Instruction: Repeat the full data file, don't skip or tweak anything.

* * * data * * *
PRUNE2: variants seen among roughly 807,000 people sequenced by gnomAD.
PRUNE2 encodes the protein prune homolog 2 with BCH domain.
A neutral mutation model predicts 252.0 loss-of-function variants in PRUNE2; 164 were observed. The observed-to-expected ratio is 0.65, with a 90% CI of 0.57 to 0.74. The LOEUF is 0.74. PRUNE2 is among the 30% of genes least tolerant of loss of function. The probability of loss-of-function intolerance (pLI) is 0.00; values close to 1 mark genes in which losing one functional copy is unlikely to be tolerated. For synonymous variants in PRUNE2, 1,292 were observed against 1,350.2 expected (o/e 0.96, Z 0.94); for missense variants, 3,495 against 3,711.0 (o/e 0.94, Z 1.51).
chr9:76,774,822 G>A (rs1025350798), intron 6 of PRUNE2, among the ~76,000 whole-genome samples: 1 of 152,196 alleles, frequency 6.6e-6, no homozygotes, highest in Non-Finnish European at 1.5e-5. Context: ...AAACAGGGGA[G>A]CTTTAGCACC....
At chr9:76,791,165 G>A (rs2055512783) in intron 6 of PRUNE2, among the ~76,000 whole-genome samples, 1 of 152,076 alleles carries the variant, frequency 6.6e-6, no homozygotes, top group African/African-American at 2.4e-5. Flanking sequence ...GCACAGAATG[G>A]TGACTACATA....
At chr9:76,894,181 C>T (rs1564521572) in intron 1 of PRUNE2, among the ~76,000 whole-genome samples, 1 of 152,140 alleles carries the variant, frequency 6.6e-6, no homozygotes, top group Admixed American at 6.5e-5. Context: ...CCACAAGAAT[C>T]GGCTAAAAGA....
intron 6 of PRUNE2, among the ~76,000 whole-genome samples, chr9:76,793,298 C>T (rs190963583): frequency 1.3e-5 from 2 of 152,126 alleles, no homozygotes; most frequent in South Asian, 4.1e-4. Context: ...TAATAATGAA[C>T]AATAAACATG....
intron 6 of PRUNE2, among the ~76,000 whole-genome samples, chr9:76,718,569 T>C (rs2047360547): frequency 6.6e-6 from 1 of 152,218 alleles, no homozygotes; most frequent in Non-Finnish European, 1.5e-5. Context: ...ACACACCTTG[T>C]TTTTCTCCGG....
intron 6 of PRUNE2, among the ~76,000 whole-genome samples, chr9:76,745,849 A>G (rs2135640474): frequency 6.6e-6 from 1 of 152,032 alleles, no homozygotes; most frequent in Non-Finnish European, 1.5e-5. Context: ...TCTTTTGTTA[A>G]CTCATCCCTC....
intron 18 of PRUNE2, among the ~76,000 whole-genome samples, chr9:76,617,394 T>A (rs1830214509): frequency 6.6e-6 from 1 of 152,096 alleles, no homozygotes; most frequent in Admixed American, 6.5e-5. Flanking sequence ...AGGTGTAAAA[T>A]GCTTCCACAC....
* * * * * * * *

PRUNE2: variants seen among roughly 807,000 people sequenced by gnomAD.
PRUNE2 encodes the protein prune homolog 2 with BCH domain.
A neutral mutation model predicts 252.0 loss-of-function variants in PRUNE2; 164 were observed. The observed-to-expected ratio is 0.65, with a 90% CI of 0.57 to 0.74. The LOEUF is 0.74. PRUNE2 is among the 30% of genes least tolerant of loss of function. The probability of loss-of-function intolerance (pLI) is 0.00; values close to 1 mark genes in which losing one functional copy is unlikely to be tolerated. For synonymous variants in PRUNE2, 1,292 were observed against 1,350.2 expected (o/e 0.96, Z 0.94); for missense variants, 3,495 against 3,711.0 (o/e 0.94, Z 1.51).
chr9:76,774,822 G>A (rs1025350798), intron 6 of PRUNE2, among the ~76,000 whole-genome samples: 1 of 152,196 alleles, frequency 6.6e-6, no homozygotes, highest in Non-Finnish European at 1.5e-5. Context: ...AAACAGGGGA[G>A]CTTTAGCACC....
At chr9:76,791,165 G>A (rs2055512783) in intron 6 of PRUNE2, among the ~76,000 whole-genome samples, 1 of 152,076 alleles carries the variant, frequency 6.6e-6, no homozygotes, top group African/African-American at 2.4e-5. Flanking sequence ...GCACAGAATG[G>A]TGACTACATA....
At chr9:76,894,181 C>T (rs1564521572) in intron 1 of PRUNE2, among the ~76,000 whole-genome samples, 1 of 152,140 alleles carries the variant, frequency 6.6e-6, no homozygotes, top group Admixed American at 6.5e-5. Context: ...CCACAAGAAT[C>T]GGCTAAAAGA....
intron 6 of PRUNE2, among the ~76,000 whole-genome samples, chr9:76,793,298 C>T (rs190963583): frequency 1.3e-5 from 2 of 152,126 alleles, no homozygotes; most frequent in South Asian, 4.1e-4. Context: ...TAATAATGAA[C>T]AATAAACATG....
intron 6 of PRUNE2, among the ~76,000 whole-genome samples, chr9:76,718,569 T>C (rs2047360547): frequency 6.6e-6 from 1 of 152,218 alleles, no homozygotes; most frequent in Non-Finnish European, 1.5e-5. Context: ...ACACACCTTG[T>C]TTTTCTCCGG....
intron 6 of PRUNE2, among the ~76,000 whole-genome samples, chr9:76,745,849 A>G (rs2135640474): frequency 6.6e-6 from 1 of 152,032 alleles, no homozygotes; most frequent in Non-Finnish European, 1.5e-5. Context: ...TCTTTTGTTA[A>G]CTCATCCCTC....
intron 18 of PRUNE2, among the ~76,000 whole-genome samples, chr9:76,617,394 T>A (rs1830214509): frequency 6.6e-6 from 1 of 152,096 alleles, no homozygotes; most frequent in Admixed American, 6.5e-5. Flanking sequence ...AGGTGTAAAA[T>A]GCTTCCACAC....